Drivers of social media use among African Americans in the event of a crisis

Lori Pennington-Gray, Kiki Kaplanidou, Ashley Schroeder

Research output: Contribution to journalArticle

14 Scopus citations

Abstract

Research has examined the role of social media during the time of a crisis in various fields; however, there is a paucity of research in this area as it relates to tourism. Moreover, few studies have examined at-risk populations, such as tourists, in times of crisis. To assess the drivers of turning to social media during a crisis, a national survey of 1,018 African American travelers was conducted. Respondents were asked to indicate on a 5-point scale the likelihood of turning to social media for information "if they were currently in the middle of their trip and heard that a crisis has just occurred within the immediate vicinity of their current location." Hierarchical regression analysis was conducted to determine drivers on African American travelers' decisions to use social media during a crisis. These drivers were age, perceptions of risk during their trip, and frequency and type of social media use engaged in on a regular basis. Overall, findings suggested that when controlling for age only, crime, financial, and physical perceptions of risk drove social media use during a crisis, while controlling for age and perception of risk, use of social media in one's daily life showed no influence.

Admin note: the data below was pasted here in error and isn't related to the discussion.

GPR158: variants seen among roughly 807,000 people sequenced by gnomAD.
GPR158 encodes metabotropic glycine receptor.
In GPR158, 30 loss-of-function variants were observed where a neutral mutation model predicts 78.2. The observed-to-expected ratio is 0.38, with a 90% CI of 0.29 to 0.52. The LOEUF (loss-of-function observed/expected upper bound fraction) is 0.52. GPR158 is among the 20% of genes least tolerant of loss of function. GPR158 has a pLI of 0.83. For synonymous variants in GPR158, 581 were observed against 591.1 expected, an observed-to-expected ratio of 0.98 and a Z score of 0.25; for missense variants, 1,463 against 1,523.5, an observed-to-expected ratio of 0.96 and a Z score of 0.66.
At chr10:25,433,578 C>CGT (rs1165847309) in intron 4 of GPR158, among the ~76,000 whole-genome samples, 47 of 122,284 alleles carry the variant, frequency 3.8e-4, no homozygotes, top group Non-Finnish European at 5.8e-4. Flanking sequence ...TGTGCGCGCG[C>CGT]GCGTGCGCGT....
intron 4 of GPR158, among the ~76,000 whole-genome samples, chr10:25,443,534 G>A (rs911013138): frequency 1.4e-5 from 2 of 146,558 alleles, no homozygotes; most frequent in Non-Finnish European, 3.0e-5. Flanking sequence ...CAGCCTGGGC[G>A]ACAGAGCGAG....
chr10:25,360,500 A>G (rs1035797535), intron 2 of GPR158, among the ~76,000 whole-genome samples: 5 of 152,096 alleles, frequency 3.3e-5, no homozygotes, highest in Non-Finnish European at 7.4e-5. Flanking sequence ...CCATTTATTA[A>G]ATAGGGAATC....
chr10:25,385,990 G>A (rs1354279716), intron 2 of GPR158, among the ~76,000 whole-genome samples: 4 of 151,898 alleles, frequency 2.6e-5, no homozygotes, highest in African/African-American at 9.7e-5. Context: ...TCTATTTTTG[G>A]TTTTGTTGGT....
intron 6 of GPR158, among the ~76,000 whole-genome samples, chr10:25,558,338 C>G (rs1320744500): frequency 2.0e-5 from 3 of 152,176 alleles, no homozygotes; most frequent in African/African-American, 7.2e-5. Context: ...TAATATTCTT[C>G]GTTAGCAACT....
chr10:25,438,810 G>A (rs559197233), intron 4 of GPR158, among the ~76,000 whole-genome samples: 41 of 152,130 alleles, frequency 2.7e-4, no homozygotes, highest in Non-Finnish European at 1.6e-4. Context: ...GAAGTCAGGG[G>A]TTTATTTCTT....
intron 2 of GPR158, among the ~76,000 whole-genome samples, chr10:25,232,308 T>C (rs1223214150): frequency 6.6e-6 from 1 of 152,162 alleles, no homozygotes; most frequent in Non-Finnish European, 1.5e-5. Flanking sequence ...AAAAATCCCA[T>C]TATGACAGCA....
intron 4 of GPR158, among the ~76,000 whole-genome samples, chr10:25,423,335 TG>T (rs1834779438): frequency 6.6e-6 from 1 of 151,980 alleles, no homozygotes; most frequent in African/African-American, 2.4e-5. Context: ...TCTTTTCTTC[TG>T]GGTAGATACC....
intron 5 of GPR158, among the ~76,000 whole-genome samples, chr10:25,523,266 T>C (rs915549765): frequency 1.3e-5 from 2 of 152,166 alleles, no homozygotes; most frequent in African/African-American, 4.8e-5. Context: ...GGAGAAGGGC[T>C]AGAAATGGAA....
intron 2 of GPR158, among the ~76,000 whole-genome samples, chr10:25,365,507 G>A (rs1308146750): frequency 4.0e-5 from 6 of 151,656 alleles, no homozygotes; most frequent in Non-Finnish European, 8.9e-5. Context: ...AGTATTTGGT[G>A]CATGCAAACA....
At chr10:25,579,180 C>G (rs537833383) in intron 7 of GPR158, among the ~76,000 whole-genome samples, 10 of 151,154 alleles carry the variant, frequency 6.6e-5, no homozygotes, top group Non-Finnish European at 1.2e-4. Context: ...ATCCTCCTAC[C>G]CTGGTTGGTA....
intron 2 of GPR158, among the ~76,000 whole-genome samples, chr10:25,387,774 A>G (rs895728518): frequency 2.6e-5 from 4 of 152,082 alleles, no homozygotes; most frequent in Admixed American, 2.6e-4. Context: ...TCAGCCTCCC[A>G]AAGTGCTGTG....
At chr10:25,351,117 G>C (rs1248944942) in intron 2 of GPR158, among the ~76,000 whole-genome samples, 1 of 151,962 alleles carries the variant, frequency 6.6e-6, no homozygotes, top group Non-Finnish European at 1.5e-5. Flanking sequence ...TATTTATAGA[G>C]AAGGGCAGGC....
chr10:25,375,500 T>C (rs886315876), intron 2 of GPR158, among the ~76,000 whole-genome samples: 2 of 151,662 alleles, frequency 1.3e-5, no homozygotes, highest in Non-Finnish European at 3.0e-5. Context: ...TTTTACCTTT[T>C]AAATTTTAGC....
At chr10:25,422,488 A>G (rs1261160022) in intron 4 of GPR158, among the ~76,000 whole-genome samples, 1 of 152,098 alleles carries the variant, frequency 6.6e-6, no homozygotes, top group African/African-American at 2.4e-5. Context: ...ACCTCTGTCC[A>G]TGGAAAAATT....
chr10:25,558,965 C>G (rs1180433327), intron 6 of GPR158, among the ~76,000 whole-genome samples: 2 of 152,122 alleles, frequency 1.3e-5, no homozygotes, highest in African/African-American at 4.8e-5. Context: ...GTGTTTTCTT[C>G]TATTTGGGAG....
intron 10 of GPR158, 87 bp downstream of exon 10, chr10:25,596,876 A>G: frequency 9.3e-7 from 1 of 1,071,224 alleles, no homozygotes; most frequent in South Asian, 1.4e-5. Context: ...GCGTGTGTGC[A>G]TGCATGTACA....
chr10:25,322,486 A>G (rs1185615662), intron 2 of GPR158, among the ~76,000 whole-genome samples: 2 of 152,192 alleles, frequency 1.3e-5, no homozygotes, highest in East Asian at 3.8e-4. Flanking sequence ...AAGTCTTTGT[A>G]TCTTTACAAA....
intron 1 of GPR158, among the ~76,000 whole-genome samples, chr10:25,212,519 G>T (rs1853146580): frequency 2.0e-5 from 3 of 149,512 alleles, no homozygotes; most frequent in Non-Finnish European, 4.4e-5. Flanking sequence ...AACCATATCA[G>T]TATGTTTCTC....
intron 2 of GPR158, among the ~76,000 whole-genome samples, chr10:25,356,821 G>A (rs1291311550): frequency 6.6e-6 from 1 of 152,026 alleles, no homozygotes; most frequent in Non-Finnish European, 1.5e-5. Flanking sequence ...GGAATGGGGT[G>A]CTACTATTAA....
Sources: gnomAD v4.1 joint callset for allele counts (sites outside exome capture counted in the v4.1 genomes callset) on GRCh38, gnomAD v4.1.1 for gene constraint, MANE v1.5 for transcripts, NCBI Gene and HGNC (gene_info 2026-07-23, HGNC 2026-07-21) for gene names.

Original languageEnglish (US)
Pages (from-to)77-95
Number of pages19
JournalNatural Hazards
Volume66
Issue number1
DOIs
Publication statusPublished - Jan 1 2013

    Fingerprint

All Science Journal Classification (ASJC) codes

  • Water Science and Technology
  • Atmospheric Science
  • Earth and Planetary Sciences (miscellaneous)

Cite this